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6 Ways to Build Referent Power as a Leader

Photo by Fakurian Design

Bad leadership can seriously damage your workplace. One study found that nearly 50 % of employees working under an uninspiring leader consider quitting their jobs.

Influence in the workplace is crucial to having a well-managed workforce, which leads to a successful enterprise. Cultivating a collaborative culture requires leaders who are savvy in how they gain influence over their teams. Organizations that build up leaders who attract respect and admiration will find themselves with more engaged, loyal, and satisfied employees at work.

This type of leader uses referent power to gain influence over their team. Referent leaders are great at inspiring others and managing those under them.

This article will outline what referent power is and why all leaders need it. We’ll also outline six ways leaders can begin developing their capacity for referent power. Let’s begin.

What Is Referent Power?

Referent power is a type of power leaders have based on admiration, respect, and trust. It is one of the five types of power that psychologists Bertram Raven and John R.P. French defined through their research:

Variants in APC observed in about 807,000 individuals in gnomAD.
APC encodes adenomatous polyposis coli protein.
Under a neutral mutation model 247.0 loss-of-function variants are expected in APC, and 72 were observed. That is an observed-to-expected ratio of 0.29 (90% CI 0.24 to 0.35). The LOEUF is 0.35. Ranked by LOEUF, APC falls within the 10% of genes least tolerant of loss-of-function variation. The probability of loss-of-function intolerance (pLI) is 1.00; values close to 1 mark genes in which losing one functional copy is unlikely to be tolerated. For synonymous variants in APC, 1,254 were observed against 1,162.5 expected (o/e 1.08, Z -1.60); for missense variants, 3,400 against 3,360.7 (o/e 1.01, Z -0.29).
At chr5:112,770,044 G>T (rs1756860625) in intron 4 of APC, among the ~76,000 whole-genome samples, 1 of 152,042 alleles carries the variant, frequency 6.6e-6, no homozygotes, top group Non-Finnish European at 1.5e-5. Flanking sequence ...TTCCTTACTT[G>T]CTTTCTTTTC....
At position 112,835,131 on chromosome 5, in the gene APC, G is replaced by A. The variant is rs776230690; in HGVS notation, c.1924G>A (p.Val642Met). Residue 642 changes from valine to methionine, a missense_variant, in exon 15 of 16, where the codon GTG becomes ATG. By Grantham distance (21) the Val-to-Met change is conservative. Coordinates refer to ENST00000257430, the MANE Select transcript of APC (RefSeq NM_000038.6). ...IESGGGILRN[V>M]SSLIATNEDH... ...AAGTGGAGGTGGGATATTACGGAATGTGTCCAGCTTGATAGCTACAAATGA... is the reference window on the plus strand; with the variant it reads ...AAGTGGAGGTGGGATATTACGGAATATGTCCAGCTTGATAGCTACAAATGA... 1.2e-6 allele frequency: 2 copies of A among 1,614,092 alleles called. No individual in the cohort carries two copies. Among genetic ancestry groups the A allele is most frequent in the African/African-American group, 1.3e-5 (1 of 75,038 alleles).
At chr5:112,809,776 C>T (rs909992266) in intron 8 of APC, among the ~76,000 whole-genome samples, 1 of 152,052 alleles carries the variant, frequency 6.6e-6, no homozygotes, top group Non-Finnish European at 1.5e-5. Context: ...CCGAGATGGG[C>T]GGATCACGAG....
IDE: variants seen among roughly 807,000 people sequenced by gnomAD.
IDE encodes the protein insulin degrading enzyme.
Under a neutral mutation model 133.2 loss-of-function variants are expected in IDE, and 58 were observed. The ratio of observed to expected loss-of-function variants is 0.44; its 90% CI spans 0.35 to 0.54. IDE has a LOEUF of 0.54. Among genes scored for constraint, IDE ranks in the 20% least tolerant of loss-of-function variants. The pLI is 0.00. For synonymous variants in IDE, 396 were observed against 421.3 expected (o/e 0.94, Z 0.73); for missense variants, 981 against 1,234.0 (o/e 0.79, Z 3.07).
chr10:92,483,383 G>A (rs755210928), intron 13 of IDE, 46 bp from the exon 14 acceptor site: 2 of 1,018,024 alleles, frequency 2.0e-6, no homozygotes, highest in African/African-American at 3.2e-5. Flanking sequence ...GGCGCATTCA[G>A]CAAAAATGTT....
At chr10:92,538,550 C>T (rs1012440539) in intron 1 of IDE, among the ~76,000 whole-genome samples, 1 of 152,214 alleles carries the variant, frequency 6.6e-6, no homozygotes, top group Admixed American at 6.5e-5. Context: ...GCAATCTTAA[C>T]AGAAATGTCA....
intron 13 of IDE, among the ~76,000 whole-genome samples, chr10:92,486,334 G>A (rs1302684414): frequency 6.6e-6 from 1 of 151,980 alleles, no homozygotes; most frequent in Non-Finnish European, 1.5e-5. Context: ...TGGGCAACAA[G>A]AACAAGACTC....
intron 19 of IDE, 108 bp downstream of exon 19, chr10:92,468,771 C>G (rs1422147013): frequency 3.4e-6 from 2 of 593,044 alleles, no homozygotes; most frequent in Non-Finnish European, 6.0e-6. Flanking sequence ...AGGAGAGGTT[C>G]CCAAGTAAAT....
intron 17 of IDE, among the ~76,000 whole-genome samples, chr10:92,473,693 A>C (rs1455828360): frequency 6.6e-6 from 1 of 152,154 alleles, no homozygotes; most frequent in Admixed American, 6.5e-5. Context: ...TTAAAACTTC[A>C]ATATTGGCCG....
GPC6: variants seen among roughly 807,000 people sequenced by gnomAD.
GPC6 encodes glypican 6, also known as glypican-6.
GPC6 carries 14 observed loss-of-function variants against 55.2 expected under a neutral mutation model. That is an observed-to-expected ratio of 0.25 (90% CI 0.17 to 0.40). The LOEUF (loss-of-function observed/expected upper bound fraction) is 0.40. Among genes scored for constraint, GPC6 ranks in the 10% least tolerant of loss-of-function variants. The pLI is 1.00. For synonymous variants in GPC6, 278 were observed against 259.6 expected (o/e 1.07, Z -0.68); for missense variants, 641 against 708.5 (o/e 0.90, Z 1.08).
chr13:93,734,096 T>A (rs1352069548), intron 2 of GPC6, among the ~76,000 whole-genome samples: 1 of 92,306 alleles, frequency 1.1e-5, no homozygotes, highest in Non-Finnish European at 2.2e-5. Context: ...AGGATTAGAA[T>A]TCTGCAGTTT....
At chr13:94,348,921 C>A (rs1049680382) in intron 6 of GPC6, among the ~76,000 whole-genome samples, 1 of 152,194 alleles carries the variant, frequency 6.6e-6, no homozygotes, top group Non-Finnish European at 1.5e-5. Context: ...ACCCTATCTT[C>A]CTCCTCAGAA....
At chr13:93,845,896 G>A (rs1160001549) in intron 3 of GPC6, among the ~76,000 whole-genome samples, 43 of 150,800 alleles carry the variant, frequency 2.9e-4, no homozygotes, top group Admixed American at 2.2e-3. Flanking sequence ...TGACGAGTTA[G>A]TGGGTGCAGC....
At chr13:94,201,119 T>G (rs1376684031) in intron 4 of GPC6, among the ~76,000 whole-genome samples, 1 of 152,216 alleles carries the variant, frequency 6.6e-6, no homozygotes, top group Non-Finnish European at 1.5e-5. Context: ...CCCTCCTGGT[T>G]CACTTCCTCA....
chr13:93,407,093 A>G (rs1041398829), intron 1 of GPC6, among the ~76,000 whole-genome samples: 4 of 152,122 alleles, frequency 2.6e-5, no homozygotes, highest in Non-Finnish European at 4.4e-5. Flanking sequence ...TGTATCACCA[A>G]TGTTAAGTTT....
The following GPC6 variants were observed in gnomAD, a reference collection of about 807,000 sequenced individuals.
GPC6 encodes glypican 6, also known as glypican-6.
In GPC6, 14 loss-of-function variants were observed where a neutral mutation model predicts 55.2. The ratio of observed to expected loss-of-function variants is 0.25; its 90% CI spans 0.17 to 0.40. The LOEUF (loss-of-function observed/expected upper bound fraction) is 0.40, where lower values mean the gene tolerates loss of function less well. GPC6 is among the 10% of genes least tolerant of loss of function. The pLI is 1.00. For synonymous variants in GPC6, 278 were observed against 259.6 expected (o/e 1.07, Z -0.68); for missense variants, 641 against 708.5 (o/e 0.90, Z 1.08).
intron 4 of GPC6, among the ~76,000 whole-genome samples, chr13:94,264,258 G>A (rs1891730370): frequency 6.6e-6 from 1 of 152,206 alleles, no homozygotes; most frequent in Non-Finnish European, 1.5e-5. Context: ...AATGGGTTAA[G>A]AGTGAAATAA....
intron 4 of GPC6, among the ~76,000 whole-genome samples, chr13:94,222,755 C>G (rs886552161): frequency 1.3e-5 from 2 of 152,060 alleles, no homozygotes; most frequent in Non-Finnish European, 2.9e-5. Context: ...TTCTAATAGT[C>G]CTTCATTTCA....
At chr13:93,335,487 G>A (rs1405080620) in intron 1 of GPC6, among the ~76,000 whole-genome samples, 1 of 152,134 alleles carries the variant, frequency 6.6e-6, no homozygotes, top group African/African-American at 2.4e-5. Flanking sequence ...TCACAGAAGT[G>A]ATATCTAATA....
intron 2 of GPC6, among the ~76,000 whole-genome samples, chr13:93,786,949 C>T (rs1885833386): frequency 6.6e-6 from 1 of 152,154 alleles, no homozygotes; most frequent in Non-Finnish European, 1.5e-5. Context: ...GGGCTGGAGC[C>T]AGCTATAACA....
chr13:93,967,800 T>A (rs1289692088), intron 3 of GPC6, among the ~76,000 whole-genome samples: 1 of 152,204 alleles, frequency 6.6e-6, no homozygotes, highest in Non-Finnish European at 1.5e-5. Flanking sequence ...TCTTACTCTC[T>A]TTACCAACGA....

1. Coercive — power is gained over someone because the leader can punish that individual.
  2. Reward — leaders gain power over their team by offering rewards or perks for cooperation.
  3. Legitimate — power in this sense comes from the leader’s position in the organization.
  4. Expert — a leader gains power or influence because of their mastery over a subject.
  5. Referent — leading others through admiration, respect, and trust.

Those who wield their influence through referent power possess interpersonal skills that make them empathetic to their teams and more enjoyable to work with.

When challenges come, referent leaders inspire loyalty in their teams to support their leaders in overcoming whatever they’re facing. Individuals that display referent powers are great role models for leaders everywhere to aspire toward.

There are significant advantages to having referent leaders. They:

  • Support collaborative workplace environments
  • Develop meaningful team relationships
  • Inspire commitment from team members
  • Experience fewer negative work habits on their teams
  • Have higher levels of job satisfaction among their teams

Developing a leadership style that utilizes referent power can take some time. These individuals often need to demonstrate good role model behavior over time to show their team what behaviors they expect.

How Leaders Can Develop Referent Power

Referent power is by far the most effective way for leaders in the 21st century to lead. Our work environments require more collaboration and trust to run effectively. For that reason, giving demands to employees through coercion or because of your position won’t work in the long term. Instead, referent power is a skill all leaders need to cultivate.

Here are six ways leaders can develop referent power:

1. Mentor others

Mentors wield a significant amount of influence over their mentees. But this influence is earned as mentees see their mentor as a role model and source of trusted advice or guidance. For leaders who want to develop their capacity for referent power, becoming a mentor is an excellent way to build trust with their mentees.